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ROGER OF WENDOVER Flowers of history. The history of England from the descent of the saxons to A.D. 1235. vol.1


Sir John Froissart's Chronicles of England, France, Spain and the Ajoining Countries from the latter part of the reign of Edward II to the coronation of Henry IV in 12 volumes 

Chronicles of Enguerrand De Monstrelet (Sir John Froissart's Chronicles continuation) in 13 volumes 

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Flowers of history. The history of England from the descent of the saxons to A.D. 1235. vol.1
page 566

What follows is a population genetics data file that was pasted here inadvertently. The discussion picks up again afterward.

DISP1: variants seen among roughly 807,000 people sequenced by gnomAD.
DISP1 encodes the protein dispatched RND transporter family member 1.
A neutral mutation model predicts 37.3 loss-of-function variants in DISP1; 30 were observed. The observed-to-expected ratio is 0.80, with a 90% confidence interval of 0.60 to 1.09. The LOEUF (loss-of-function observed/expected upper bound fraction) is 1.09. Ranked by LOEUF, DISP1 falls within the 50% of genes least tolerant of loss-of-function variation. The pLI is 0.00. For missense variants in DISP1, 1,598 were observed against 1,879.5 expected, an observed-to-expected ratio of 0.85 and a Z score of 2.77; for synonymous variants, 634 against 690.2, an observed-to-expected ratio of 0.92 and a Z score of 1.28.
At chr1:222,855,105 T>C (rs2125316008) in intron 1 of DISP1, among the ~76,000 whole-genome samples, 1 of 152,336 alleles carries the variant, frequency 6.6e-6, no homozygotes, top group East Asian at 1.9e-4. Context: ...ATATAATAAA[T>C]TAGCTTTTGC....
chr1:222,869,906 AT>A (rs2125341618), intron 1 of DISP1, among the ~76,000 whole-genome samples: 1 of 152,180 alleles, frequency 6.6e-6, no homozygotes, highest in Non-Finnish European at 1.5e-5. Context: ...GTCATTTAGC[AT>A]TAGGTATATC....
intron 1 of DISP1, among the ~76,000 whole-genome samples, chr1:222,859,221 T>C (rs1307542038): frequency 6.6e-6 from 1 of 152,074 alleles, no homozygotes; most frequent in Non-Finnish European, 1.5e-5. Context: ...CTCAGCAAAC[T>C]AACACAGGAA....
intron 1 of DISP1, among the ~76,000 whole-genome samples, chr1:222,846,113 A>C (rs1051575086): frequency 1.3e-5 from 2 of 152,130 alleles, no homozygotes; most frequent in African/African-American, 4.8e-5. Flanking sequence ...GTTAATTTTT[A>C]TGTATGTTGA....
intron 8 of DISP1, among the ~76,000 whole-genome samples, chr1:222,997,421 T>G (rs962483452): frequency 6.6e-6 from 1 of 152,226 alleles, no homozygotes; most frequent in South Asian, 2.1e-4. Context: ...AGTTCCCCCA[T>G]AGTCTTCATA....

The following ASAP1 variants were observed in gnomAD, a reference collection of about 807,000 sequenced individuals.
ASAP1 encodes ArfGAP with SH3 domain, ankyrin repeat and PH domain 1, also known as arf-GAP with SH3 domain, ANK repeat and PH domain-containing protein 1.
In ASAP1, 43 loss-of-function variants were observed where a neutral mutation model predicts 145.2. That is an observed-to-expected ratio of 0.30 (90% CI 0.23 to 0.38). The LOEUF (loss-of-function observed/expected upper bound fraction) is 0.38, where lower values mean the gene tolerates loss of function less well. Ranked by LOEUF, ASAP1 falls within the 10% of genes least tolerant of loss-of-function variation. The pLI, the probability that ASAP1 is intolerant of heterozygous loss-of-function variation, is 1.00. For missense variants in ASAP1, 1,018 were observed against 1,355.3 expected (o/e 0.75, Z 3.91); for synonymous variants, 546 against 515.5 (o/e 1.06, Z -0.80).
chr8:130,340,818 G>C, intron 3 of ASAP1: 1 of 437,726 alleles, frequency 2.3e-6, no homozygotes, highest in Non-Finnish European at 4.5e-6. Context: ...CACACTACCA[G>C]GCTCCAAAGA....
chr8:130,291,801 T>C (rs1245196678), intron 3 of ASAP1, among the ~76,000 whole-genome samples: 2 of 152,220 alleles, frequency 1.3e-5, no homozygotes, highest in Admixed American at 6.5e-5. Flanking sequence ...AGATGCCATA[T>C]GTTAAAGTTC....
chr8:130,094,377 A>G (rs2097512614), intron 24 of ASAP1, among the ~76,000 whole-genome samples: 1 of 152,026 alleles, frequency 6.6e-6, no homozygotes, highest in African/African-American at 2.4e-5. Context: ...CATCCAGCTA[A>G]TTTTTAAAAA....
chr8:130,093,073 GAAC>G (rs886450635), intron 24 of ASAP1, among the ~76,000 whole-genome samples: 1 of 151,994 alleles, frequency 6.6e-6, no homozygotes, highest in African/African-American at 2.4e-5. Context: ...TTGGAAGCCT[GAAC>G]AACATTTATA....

A.D. 1169.] POPE ALEXANDER'S LETTER. 561 hoping that offences may arise and that the straight may he made crooked : for which cause, most holy father, we do not mourn our own misfortunes alone ; for unless you quickly meet the evil, we fear that the church of God may be disgracefully subverted, that we may become weary of our lives, and curse the day in which we were born." This same year, archbishop Thomas excommunicated Alan de Neville, for having kept in prison William his chaplain. Conan earl of Lesser Britain died, and left by his wife Constance, sister of the Scottish king, a daughter to inherit his dominions, whom Henry took for a wife to his son Geoffrey, and, by his exertions to promote peace everywhere in Brittany, he conciliated the minds of both the clergy and people of that province. Pope A lexander's letter to king Henry concerning a reconciliation with the blessed Thomas. A.D. 1169. Pope Alexander wrote to the king of England concerning the church of Canterbury as follows :— " With what paternal and kind feelings we have already often convened your excellency, and exhorted you both by letters and messengers to be reconciled to our venerable brother Thomas archbishop of Canterbury, and to restore both to him and his clerks their churches and other property, your highness's prudence cannot fail to know, since it is known publicly throughout almost every part of Christendom. Wherefore, seeing that we have hitherto made no progress in this cause, nor in soothing by gentle conduct the anger of your mind, we are sad and sorrowful thereat, and grieve to find that all our hopes are defeated ; particularly because we love you sincerely as our dearest son in the Lord, and we see a great danger threatening you. It is written, ' Cry aloud, and cease not ; lift up thy voice like a trumpet, and announce to my people their offences :' we have therefore determined no longer to bear your hard-heartedness as heretofore, to the detriment of justice and your own salvation ; nor will we any longer close the mouth of the archbishop in any way, or prevent him from doing his duty freely, and avenging with the sword of ecclesiastical severity the wrongs which have been done both to himself and the church committed to his charge." VOL. I. oo

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